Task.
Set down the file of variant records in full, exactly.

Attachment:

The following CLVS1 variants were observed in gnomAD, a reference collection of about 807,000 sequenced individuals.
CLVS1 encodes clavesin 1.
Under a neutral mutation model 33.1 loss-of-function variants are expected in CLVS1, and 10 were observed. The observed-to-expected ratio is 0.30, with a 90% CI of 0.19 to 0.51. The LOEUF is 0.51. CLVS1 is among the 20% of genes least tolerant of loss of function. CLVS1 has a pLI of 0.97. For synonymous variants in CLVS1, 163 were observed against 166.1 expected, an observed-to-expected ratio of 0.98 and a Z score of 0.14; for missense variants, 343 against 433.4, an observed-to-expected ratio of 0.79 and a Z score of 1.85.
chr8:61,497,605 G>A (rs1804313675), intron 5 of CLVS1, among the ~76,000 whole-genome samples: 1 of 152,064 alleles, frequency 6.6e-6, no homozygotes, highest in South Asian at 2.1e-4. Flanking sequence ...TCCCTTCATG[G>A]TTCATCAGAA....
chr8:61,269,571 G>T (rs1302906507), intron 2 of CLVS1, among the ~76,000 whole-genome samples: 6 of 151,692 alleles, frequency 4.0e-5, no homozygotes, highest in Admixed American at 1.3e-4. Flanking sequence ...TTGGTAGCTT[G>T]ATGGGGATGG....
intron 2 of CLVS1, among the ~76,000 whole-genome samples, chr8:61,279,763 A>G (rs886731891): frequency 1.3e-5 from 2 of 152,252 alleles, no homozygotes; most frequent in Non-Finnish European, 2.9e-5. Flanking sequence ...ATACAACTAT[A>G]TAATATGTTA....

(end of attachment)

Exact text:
The following CLVS1 variants were observed in gnomAD, a reference collection of about 807,000 sequenced individuals.
CLVS1 encodes clavesin 1.
Under a neutral mutation model 33.1 loss-of-function variants are expected in CLVS1, and 10 were observed. The observed-to-expected ratio is 0.30, with a 90% CI of 0.19 to 0.51. The LOEUF is 0.51. CLVS1 is among the 20% of genes least tolerant of loss of function. CLVS1 has a pLI of 0.97. For synonymous variants in CLVS1, 163 were observed against 166.1 expected, an observed-to-expected ratio of 0.98 and a Z score of 0.14; for missense variants, 343 against 433.4, an observed-to-expected ratio of 0.79 and a Z score of 1.85.
chr8:61,497,605 G>A (rs1804313675), intron 5 of CLVS1, among the ~76,000 whole-genome samples: 1 of 152,064 alleles, frequency 6.6e-6, no homozygotes, highest in South Asian at 2.1e-4. Flanking sequence ...TCCCTTCATG[G>A]TTCATCAGAA....
chr8:61,269,571 G>T (rs1302906507), intron 2 of CLVS1, among the ~76,000 whole-genome samples: 6 of 151,692 alleles, frequency 4.0e-5, no homozygotes, highest in Admixed American at 1.3e-4. Flanking sequence ...TTGGTAGCTT[G>T]ATGGGGATGG....
intron 2 of CLVS1, among the ~76,000 whole-genome samples, chr8:61,279,763 A>G (rs886731891): frequency 1.3e-5 from 2 of 152,252 alleles, no homozygotes; most frequent in Non-Finnish European, 2.9e-5. Flanking sequence ...ATACAACTAT[A>G]TAATATGTTA....